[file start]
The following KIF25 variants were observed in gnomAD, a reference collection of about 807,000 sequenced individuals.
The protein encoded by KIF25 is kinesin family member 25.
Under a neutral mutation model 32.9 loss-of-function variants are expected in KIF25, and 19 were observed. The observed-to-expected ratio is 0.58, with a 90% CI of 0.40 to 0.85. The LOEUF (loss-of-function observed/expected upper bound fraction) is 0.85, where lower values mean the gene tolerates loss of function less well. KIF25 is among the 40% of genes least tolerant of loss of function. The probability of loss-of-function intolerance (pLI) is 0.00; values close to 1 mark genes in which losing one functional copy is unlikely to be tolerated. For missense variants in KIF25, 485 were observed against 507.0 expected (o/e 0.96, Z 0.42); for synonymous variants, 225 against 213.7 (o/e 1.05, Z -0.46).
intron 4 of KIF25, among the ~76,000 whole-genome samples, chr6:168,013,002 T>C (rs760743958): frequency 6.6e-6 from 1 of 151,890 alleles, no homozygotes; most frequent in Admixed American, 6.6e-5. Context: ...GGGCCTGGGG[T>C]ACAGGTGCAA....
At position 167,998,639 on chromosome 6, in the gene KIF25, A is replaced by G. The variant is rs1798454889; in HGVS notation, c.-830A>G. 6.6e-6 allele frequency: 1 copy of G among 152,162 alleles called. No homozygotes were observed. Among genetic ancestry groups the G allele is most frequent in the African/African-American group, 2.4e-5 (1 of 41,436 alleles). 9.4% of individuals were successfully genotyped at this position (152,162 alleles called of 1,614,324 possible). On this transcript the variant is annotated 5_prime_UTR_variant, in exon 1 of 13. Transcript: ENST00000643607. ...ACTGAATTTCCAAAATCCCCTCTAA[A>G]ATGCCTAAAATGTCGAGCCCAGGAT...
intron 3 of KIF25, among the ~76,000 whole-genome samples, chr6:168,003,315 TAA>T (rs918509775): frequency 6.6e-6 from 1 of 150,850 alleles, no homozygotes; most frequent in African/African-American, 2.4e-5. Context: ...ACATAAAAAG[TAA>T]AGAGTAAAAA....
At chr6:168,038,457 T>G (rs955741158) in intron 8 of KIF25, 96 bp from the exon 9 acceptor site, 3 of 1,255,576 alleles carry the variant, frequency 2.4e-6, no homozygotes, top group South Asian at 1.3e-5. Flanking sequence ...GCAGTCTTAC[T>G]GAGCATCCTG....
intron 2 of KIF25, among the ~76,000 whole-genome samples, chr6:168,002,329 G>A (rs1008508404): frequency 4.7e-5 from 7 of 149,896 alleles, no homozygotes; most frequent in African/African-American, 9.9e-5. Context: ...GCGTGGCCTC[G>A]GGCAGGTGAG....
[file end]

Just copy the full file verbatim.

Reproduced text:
The following KIF25 variants were observed in gnomAD, a reference collection of about 807,000 sequenced individuals.
The protein encoded by KIF25 is kinesin family member 25.
Under a neutral mutation model 32.9 loss-of-function variants are expected in KIF25, and 19 were observed. The observed-to-expected ratio is 0.58, with a 90% CI of 0.40 to 0.85. The LOEUF (loss-of-function observed/expected upper bound fraction) is 0.85, where lower values mean the gene tolerates loss of function less well. KIF25 is among the 40% of genes least tolerant of loss of function. The probability of loss-of-function intolerance (pLI) is 0.00; values close to 1 mark genes in which losing one functional copy is unlikely to be tolerated. For missense variants in KIF25, 485 were observed against 507.0 expected (o/e 0.96, Z 0.42); for synonymous variants, 225 against 213.7 (o/e 1.05, Z -0.46).
intron 4 of KIF25, among the ~76,000 whole-genome samples, chr6:168,013,002 T>C (rs760743958): frequency 6.6e-6 from 1 of 151,890 alleles, no homozygotes; most frequent in Admixed American, 6.6e-5. Context: ...GGGCCTGGGG[T>C]ACAGGTGCAA....
At position 167,998,639 on chromosome 6, in the gene KIF25, A is replaced by G. The variant is rs1798454889; in HGVS notation, c.-830A>G. 6.6e-6 allele frequency: 1 copy of G among 152,162 alleles called. No homozygotes were observed. Among genetic ancestry groups the G allele is most frequent in the African/African-American group, 2.4e-5 (1 of 41,436 alleles). 9.4% of individuals were successfully genotyped at this position (152,162 alleles called of 1,614,324 possible). On this transcript the variant is annotated 5_prime_UTR_variant, in exon 1 of 13. Transcript: ENST00000643607. ...ACTGAATTTCCAAAATCCCCTCTAA[A>G]ATGCCTAAAATGTCGAGCCCAGGAT...
intron 3 of KIF25, among the ~76,000 whole-genome samples, chr6:168,003,315 TAA>T (rs918509775): frequency 6.6e-6 from 1 of 150,850 alleles, no homozygotes; most frequent in African/African-American, 2.4e-5. Context: ...ACATAAAAAG[TAA>T]AGAGTAAAAA....
At chr6:168,038,457 T>G (rs955741158) in intron 8 of KIF25, 96 bp from the exon 9 acceptor site, 3 of 1,255,576 alleles carry the variant, frequency 2.4e-6, no homozygotes, top group South Asian at 1.3e-5. Flanking sequence ...GCAGTCTTAC[T>G]GAGCATCCTG....
intron 2 of KIF25, among the ~76,000 whole-genome samples, chr6:168,002,329 G>A (rs1008508404): frequency 4.7e-5 from 7 of 149,896 alleles, no homozygotes; most frequent in African/African-American, 9.9e-5. Context: ...GCGTGGCCTC[G>A]GGCAGGTGAG....